vendredi 30 janvier 2015

Toshiba Quits U.S. TV Market, Licenses Name To Taiwan’s Compal



Toshiba will be leaving the U.S. market for televisions, but you’ll still be able to buy a Toshiba TV later this year. Confused? Like other brands in the TV market, the company will license its name to Compal Electronics. TVs made by Compal will hit shelves starting in March.

While you may not have heard of Compal, it’s possible that you’re reading this post on a laptop computer or desktop monitor manufactured by them. They manufacture computers for more familiar names like Dell, Compaq, HP, and… Toshiba.

Toshiba blamed the “harsh price competition” in the television market for their struggle to turn a profit from selling TVs in North America. It will also seek similar licensing agreements with another manufacturer for its television products in other countries. Instead of bothering with the television business, the company will simply rent out its name to Compal. This could work out badly if Compal sells subpar televisions.

Our alert colleagues down the hall at Consumer Reports had the same question that we did: who will handle repairs and distribute parts for Toshiba TVs sold under the older regime? Toshiba will continue to sell computers in the United States, so it may be able to provide service and sell remaining parts through that operation.

Toshiba gives up selling TVs in the U.S [Consumer Reports]

Restaurant Bonus Gift Card Promotions Mean Discounted Meals

Sure, gift card bonus deals are meant to induce you to buy even more gift cards, maybe keeping the smaller one for yourself. While giving gift cards can be problematic, In the case of a restaurant or store that you already plan to visit or visit regularly, gift card deals area a great way to take advantage of these promotions.

Yes, it seems obvious, but the key is to watch specifically for these deals. Sometimes the savings can be substantial. Travis Pizel over at Money Ning started to keep track of bonus gift card deals when he came across them, and encountered quite a few in just a month or so of looking. They even included local restaurants, which he found as part of a package deal at Costco where $100 worth of gift cards cost $80, an immediate 20% off discount.

Other deals that he discovered were mostly at national chain restaurants, like Outback Steakhouse (an extra $20 gift card if you buy a $100 card) or the same promotion at Red Lobster. One tricky transaction is at Buffalo Wild Wings, where there’s a time limit on the second gift card: you can’t use both in the same transaction.

You’re saving exactly zero dollars, of course, if you buy gift cards that you’ll never use, or that force you to go somewhere you don’t like.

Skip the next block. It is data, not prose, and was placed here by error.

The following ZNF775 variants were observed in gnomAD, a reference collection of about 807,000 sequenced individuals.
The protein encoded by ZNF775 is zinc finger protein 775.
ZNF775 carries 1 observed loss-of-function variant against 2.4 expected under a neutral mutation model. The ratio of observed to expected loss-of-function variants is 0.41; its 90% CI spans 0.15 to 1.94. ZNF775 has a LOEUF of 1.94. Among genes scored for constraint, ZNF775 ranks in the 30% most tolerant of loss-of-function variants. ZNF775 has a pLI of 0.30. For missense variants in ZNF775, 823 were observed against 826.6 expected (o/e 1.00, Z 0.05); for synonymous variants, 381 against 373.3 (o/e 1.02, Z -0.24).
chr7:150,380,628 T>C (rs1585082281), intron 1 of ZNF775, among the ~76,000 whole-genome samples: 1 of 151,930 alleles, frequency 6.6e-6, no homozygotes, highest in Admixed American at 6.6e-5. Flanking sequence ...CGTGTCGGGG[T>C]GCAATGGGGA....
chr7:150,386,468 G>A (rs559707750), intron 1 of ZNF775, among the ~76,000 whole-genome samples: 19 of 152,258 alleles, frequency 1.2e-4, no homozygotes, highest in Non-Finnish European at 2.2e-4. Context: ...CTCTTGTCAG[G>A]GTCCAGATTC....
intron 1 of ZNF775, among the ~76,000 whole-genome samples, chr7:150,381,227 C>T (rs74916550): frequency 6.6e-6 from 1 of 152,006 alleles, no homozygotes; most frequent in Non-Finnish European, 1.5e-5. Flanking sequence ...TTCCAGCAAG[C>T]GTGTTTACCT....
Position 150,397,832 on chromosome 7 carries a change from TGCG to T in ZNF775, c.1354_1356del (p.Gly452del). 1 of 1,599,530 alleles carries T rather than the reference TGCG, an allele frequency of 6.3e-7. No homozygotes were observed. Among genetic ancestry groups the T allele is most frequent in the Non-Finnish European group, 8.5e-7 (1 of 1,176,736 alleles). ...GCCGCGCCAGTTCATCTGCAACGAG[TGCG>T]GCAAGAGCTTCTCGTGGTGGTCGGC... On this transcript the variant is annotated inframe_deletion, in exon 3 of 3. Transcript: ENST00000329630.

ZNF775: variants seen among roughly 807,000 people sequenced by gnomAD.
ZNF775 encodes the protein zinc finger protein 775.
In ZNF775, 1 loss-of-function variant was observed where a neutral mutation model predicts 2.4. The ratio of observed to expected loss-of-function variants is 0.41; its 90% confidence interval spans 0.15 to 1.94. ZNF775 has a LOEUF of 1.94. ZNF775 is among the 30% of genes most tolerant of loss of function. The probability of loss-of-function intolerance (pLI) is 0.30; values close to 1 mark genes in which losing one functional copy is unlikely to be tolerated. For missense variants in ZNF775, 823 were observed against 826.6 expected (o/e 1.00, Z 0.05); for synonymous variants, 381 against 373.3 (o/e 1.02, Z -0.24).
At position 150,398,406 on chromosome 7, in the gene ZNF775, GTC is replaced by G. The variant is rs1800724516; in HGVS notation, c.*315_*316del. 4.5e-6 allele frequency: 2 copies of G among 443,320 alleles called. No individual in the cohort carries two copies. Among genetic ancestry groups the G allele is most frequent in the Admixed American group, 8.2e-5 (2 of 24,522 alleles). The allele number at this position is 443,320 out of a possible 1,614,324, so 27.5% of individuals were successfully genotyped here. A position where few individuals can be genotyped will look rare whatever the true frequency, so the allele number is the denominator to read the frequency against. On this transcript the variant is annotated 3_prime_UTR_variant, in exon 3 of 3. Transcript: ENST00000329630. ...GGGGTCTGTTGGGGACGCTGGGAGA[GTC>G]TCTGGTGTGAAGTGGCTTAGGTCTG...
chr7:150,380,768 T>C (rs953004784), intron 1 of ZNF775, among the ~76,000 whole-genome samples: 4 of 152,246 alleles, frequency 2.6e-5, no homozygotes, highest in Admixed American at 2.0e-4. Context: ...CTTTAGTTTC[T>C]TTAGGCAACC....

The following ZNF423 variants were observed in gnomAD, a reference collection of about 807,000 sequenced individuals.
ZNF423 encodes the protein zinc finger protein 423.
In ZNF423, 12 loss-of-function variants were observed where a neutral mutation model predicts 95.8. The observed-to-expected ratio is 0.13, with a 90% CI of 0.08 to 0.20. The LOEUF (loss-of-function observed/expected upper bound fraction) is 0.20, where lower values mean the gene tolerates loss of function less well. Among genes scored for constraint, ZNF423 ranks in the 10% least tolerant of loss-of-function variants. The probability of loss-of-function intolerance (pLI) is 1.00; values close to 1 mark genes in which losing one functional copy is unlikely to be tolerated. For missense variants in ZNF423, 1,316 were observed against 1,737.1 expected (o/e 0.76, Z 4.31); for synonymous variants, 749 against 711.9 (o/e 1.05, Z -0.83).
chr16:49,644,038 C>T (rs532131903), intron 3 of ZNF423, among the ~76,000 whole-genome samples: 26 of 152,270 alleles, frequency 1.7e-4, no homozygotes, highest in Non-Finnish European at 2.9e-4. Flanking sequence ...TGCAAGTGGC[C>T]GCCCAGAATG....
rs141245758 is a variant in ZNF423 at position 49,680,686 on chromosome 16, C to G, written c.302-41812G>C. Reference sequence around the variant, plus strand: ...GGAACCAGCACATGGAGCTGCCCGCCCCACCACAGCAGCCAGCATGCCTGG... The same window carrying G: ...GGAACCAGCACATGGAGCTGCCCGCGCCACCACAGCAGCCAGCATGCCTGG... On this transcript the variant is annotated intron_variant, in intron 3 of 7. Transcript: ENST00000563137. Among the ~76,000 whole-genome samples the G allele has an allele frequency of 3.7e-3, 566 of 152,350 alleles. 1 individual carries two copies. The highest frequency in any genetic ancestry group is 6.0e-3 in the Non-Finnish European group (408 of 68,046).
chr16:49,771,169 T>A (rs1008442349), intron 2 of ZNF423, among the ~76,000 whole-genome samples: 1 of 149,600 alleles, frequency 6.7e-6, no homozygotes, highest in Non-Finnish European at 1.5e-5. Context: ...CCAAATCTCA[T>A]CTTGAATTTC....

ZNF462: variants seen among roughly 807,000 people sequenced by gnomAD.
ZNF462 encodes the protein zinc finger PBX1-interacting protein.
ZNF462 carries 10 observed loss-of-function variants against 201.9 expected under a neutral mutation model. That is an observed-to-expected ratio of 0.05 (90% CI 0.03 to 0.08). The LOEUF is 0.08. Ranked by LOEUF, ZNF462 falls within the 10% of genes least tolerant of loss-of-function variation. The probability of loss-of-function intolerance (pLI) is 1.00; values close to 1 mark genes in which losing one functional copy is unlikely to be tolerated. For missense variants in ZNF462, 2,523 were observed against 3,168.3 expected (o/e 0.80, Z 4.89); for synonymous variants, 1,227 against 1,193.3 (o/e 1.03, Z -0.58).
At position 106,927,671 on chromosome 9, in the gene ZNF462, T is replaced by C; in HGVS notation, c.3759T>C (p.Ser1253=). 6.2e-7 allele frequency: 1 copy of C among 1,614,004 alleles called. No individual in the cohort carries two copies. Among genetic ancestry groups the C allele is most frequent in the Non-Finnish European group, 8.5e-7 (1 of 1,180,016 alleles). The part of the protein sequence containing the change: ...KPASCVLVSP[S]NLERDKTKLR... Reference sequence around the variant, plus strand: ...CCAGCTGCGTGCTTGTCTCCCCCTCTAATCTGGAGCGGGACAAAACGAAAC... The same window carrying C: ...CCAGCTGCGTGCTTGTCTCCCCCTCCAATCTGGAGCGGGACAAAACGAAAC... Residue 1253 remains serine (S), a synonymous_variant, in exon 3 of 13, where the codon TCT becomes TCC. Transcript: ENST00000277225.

How to Save Money at Restaurants by Buying Gift Cards [MoneyNing] (via Lifehacker)

Study: “Anonymous” Credit Card Data Is Actually Completely Identifiable

We all kind of know that credit card data isn’t terribly secure, and that the payment information is likely to get swiped eventually. But that information is all theoretically anonymous. Without a name, address, or ZIP code attached, our credit card information doesn’t say much about us personally, right? Wrong.

A study released by researchers at MIT this week shows just how easy to spot almost all of us our just by our spending, the AP reports.

The research team wanted to know: how much “anonymized” data would it take to identify you? If your ZIP code and name and all other identifying information are stripped away, how many records does someone need to figure out who you are?

The answer is: four. At most. Three, if at least one price is included.

That’s all it takes to pick you out of a crowd with over 90% accuracy, the research team found.

Any three or four transactions can give you away, and it doesn’t have to be anything fancy like air travel. Kleenex, coffee, and a sandwich? If the researchers could see the price for any one of those items, they could figure out who it was doing the spending.

The researchers looked at transaction information from 10,000 retailers (not in the U.S.), with each piece of data time-stamped. They were then able basically to reverse engineer identities from spending:

As an example, the researchers wrote about looking at data from September 23 and 24 and who went to a bakery one day and a restaurant the other. Searching through the data set, they found there could be only person who fits the bill – they called him Scott. The study said, “and we now know all of his other transactions, such as the fact that he went shopping for shoes and groceries on 23 September, and how much he spent.”

The study also found that it was easier to identify women than men by their spending alone, though did not determine why that is.

The complete lack of anonymity in “anonymized” data is a major area of concern for privacy experts and even the FTC. The ability for “non personally identifiable” data to in fact personally identify basically everyone is, at best, a hazard to privacy and, at worst, downright menacing. If you buy things less innocuous than a muffin — like medical supplies — you probably don’t want every company in the world able to follow your digital breadcrumbs and figure out who you are.

‘Anonymized’ credit card data not so anonymous, study shows [Associated Press]

Appeals Court Sides With FTC In POM Wonderful False Advertising Case

The Federal Trade Commission hasn’t let the bee out of its bonnet over health claims made by POM Wonderful that it says amount to deceptive advertising, having kept on the company’s case since 2010. Now, eight months after POM made its case before a federal appeals court that it’s not being misleading about the things its juice can do, the court is siding with the FTC.